The names of the 10 people killed in an explosion in Creeslough, County Donegal on Friday have been confirmed.
The victims include five-year-old Shauna Flanagan Garwe and her dad Robert Garwe, 50.
Catherine O’Donnell, 39, and her son James Monaghan, 13, also lost their lives in the explosion.
Leona Harper, 14, Jessica Gallagher, 24, James O’Flaherty, 48, Martin McGill, 49, Martina Martin, 49 and Hugh Kelly, 59 also died.
On Sunday, An Garda Síochána confirmed a man in his 20s remains in hospital in a critical condition.
Seven other people who were injured in the explosion are still being treated at Letterkenny University Hospital and remain in stable condition.
‘They are all local people’
The investigation is continuing and the scene remains cordoned off.
Post-mortem examinations are taking place but the results will not be made public.
During a press conference on Sunday, Supt Liam Geraghty said the incident has had a “huge impact” on the small, rural community.
“They are all local people, they are all very much involved in the local community, they were all people who were shopping in their local shop,” he said.
“We have very, very young children – the schools are going to be impacted, local GAA clubs are going to be impacted, the local church and general community is going to be severely impacted by this incident.
“But it is very strong community. So I’m sure the community will come together and will support each other.”
On Sunday, Bishop Alan McGuckian told Mass-goers that the people of Creeslough were “living through a nightmare” after the blast.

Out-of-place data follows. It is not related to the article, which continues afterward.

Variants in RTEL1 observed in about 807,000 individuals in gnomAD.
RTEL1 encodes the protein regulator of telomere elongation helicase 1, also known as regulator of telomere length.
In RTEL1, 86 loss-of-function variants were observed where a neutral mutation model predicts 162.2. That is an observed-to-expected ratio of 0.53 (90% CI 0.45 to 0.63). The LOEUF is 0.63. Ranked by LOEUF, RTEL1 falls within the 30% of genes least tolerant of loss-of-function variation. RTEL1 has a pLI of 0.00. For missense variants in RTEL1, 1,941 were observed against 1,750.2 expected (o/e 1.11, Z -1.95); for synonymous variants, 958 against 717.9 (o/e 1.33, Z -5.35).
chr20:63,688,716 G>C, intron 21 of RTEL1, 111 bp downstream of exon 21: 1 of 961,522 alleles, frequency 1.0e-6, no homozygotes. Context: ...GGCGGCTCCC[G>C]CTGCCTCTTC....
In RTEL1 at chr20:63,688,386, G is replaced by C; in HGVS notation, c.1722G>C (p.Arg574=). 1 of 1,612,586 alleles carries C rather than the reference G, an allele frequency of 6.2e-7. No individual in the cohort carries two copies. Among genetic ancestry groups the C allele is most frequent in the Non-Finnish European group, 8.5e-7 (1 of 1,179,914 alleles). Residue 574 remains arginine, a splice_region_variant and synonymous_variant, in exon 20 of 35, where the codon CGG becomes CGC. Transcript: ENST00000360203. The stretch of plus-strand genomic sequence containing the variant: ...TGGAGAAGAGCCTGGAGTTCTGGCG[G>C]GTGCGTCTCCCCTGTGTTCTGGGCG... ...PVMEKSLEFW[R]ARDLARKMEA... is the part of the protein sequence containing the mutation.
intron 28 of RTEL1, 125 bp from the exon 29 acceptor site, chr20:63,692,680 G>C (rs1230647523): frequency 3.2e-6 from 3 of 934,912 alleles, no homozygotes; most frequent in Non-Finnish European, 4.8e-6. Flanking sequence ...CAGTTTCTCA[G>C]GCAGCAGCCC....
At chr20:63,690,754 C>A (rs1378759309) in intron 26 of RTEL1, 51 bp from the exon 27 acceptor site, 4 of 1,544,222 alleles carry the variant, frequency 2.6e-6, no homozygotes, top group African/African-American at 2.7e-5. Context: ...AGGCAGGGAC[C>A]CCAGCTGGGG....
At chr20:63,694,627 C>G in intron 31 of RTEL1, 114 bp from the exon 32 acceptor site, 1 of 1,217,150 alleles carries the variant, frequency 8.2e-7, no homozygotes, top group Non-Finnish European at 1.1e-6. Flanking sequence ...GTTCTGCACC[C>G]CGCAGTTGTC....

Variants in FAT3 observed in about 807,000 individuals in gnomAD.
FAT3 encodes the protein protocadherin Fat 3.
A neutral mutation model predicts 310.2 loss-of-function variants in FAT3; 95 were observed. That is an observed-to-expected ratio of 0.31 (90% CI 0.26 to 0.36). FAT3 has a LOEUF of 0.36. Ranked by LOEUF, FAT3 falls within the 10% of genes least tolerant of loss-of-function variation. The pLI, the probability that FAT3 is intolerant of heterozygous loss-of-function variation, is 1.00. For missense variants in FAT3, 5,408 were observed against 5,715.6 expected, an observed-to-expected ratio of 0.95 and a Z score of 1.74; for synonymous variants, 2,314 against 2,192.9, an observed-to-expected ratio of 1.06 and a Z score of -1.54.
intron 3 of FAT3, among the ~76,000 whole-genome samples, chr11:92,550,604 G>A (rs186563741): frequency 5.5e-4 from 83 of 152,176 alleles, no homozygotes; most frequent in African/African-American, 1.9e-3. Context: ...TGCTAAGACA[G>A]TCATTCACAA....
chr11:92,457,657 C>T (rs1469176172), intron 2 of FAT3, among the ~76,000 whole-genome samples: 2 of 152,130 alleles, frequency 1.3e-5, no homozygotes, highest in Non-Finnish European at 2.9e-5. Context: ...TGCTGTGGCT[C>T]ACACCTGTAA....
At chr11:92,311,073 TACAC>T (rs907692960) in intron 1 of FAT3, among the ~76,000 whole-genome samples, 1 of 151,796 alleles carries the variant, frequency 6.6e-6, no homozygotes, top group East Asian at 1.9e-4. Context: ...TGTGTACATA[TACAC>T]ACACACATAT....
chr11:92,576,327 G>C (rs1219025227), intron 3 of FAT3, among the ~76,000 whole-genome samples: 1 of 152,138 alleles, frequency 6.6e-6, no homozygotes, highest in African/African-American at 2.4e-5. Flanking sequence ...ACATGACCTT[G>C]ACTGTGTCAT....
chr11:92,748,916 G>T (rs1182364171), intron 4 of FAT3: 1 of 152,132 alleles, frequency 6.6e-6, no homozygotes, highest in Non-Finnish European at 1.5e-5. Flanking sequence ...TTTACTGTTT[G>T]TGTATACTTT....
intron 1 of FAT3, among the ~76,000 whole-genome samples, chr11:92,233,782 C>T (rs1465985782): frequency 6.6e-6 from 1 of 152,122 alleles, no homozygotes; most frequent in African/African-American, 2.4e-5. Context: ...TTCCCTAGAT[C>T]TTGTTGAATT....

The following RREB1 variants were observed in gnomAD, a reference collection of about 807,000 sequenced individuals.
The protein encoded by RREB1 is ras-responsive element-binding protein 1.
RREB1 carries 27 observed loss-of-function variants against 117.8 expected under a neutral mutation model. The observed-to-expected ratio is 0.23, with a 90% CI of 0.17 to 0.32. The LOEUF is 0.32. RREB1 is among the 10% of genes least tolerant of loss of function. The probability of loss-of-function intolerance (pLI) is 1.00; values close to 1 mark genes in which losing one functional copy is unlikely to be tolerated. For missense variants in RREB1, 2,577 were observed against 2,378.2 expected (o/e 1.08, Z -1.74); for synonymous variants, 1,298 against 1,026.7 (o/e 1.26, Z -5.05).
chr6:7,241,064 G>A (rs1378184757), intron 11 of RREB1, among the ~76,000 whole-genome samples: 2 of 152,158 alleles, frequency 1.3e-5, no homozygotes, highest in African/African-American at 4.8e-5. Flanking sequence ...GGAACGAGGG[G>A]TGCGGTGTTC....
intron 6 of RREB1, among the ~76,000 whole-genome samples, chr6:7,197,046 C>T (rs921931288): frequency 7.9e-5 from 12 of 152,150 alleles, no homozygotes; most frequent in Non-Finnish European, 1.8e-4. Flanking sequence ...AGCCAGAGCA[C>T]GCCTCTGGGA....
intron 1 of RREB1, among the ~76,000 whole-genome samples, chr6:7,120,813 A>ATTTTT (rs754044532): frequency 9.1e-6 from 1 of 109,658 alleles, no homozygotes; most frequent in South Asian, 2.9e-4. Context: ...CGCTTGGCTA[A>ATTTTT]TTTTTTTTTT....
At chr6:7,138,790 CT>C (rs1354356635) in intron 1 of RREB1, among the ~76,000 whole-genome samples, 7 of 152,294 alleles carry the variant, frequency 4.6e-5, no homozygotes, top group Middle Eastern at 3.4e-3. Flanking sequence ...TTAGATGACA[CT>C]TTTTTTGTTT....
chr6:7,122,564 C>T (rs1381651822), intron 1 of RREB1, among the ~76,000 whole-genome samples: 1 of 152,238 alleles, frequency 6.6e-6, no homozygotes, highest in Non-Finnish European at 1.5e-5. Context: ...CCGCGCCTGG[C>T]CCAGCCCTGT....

He said the disaster was one that “anybody could have been caught up in”.
“Why did they have to be there at that awful moment?” he asked.
Details have also been emerging of the operation to free those trapped in the rubble, involving both the emergency services and local people.
Dr Gerry Lane, a consultant in emergency medicine, told told RTÉ’s This Week programme that the entire building was “inherently unstable”.
“I saw people in shorts and flip flops wrenching corrugated iron away with their bare hands,” he said.
“Those people were heroic but were placing themselves in a great deal of danger.”
Dr Lane added that three of the rescue workers were injured over the course of Friday evening.
JJ McGowan, the chief ambulance officer at the scene, described the conditions encountered by emergency teams.
“At one stage the fire service had constructed a small mouse hole in the wall, to get in to part of the scene.
“And all I could see was two of our boots sticking out of it, with the green trousers.
“And one of our lads in there trying to see what he could see, or see what he could find in through, what you could only describe as a mouse hole.”
Ten red candles have been lit inside the church in tribute to those who lost their lives in the explosion.
Over the coming days, communities across counties Donegal and neighbouring Tyrone will come together for vigils to send sympathy to all affected by the explosion.
Books of condolence are also opening across Northern Ireland.